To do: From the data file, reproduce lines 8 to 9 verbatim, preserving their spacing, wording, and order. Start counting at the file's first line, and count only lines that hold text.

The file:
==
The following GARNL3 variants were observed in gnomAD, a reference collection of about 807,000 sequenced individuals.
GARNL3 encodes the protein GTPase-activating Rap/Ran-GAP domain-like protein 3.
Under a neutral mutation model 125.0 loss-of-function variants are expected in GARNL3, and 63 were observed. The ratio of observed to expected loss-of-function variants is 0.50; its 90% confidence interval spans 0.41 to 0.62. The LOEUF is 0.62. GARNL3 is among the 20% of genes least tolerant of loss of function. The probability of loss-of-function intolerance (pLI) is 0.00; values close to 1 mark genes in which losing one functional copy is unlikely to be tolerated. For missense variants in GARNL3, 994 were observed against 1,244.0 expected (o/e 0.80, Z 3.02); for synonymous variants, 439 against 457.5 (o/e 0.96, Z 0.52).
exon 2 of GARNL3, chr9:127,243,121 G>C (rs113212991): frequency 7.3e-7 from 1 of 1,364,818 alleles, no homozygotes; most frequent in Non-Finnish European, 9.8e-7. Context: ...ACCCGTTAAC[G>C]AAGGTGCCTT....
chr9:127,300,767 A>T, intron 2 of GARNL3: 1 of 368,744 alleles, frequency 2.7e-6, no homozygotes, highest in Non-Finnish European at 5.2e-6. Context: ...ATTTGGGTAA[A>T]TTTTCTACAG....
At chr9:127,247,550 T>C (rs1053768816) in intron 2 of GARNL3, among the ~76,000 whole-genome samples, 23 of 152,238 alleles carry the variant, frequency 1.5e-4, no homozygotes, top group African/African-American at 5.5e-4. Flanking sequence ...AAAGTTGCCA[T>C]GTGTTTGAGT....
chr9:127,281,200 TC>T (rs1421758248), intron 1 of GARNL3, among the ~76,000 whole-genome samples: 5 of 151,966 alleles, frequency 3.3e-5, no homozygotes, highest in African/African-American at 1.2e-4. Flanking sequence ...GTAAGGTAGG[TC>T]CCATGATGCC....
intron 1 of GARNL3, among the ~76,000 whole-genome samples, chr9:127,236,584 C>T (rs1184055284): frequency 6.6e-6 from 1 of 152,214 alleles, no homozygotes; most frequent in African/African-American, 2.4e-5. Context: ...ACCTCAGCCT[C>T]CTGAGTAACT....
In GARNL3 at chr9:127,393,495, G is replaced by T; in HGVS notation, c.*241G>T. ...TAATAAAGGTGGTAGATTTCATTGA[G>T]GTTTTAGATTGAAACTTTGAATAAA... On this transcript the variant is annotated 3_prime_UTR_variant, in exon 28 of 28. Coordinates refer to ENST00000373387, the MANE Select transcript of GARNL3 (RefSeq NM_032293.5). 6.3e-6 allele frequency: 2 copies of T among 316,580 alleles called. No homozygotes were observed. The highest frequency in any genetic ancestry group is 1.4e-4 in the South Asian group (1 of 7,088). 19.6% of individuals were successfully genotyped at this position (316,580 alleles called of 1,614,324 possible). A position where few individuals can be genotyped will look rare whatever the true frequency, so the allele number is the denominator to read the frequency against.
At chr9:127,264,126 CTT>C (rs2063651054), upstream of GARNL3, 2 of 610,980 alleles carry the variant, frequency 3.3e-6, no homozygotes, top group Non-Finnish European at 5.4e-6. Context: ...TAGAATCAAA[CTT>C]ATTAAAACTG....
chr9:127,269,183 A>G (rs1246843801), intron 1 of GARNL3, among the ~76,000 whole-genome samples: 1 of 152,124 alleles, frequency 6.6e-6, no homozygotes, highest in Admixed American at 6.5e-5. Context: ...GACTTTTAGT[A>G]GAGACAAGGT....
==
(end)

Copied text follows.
intron 1 of GARNL3, among the ~76,000 whole-genome samples, chr9:127,236,584 C>T (rs1184055284): frequency 6.6e-6 from 1 of 152,214 alleles, no homozygotes; most frequent in African/African-American, 2.4e-5. Context: ...ACCTCAGCCT[C>T]CTGAGTAACT....
In GARNL3 at chr9:127,393,495, G is replaced by T; in HGVS notation, c.*241G>T. ...TAATAAAGGTGGTAGATTTCATTGA[G>T]GTTTTAGATTGAAACTTTGAATAAA... On this transcript the variant is annotated 3_prime_UTR_variant, in exon 28 of 28. Coordinates refer to ENST00000373387, the MANE Select transcript of GARNL3 (RefSeq NM_032293.5). 6.3e-6 allele frequency: 2 copies of T among 316,580 alleles called. No homozygotes were observed. The highest frequency in any genetic ancestry group is 1.4e-4 in the South Asian group (1 of 7,088). 19.6% of individuals were successfully genotyped at this position (316,580 alleles called of 1,614,324 possible). A position where few individuals can be genotyped will look rare whatever the true frequency, so the allele number is the denominator to read the frequency against.